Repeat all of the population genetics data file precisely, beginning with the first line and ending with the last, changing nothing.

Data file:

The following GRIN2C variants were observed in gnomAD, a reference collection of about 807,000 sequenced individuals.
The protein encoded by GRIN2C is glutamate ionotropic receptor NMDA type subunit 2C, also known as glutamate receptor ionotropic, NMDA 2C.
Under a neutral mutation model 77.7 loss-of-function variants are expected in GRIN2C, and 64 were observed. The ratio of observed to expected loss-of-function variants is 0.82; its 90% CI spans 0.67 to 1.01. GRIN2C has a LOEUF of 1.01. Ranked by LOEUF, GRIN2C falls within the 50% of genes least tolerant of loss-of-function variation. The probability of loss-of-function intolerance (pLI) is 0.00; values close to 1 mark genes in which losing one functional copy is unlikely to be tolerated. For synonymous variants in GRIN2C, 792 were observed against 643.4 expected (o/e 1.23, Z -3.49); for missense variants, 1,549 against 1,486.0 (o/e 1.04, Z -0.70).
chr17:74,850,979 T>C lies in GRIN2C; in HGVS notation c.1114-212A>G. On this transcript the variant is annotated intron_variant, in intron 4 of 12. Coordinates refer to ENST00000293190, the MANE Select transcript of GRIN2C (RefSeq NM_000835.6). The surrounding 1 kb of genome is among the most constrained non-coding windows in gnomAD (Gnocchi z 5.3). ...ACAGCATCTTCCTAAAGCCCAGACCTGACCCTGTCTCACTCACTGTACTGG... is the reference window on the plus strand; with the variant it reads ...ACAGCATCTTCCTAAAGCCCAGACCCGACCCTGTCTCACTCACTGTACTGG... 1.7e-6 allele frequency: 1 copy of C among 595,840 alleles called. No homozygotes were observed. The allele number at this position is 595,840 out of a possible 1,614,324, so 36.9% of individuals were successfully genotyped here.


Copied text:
The following GRIN2C variants were observed in gnomAD, a reference collection of about 807,000 sequenced individuals.
The protein encoded by GRIN2C is glutamate ionotropic receptor NMDA type subunit 2C, also known as glutamate receptor ionotropic, NMDA 2C.
Under a neutral mutation model 77.7 loss-of-function variants are expected in GRIN2C, and 64 were observed. The ratio of observed to expected loss-of-function variants is 0.82; its 90% CI spans 0.67 to 1.01. GRIN2C has a LOEUF of 1.01. Ranked by LOEUF, GRIN2C falls within the 50% of genes least tolerant of loss-of-function variation. The probability of loss-of-function intolerance (pLI) is 0.00; values close to 1 mark genes in which losing one functional copy is unlikely to be tolerated. For synonymous variants in GRIN2C, 792 were observed against 643.4 expected (o/e 1.23, Z -3.49); for missense variants, 1,549 against 1,486.0 (o/e 1.04, Z -0.70).
chr17:74,850,979 T>C lies in GRIN2C; in HGVS notation c.1114-212A>G. On this transcript the variant is annotated intron_variant, in intron 4 of 12. Coordinates refer to ENST00000293190, the MANE Select transcript of GRIN2C (RefSeq NM_000835.6). The surrounding 1 kb of genome is among the most constrained non-coding windows in gnomAD (Gnocchi z 5.3). ...ACAGCATCTTCCTAAAGCCCAGACCTGACCCTGTCTCACTCACTGTACTGG... is the reference window on the plus strand; with the variant it reads ...ACAGCATCTTCCTAAAGCCCAGACCCGACCCTGTCTCACTCACTGTACTGG... 1.7e-6 allele frequency: 1 copy of C among 595,840 alleles called. No homozygotes were observed. The allele number at this position is 595,840 out of a possible 1,614,324, so 36.9% of individuals were successfully genotyped here.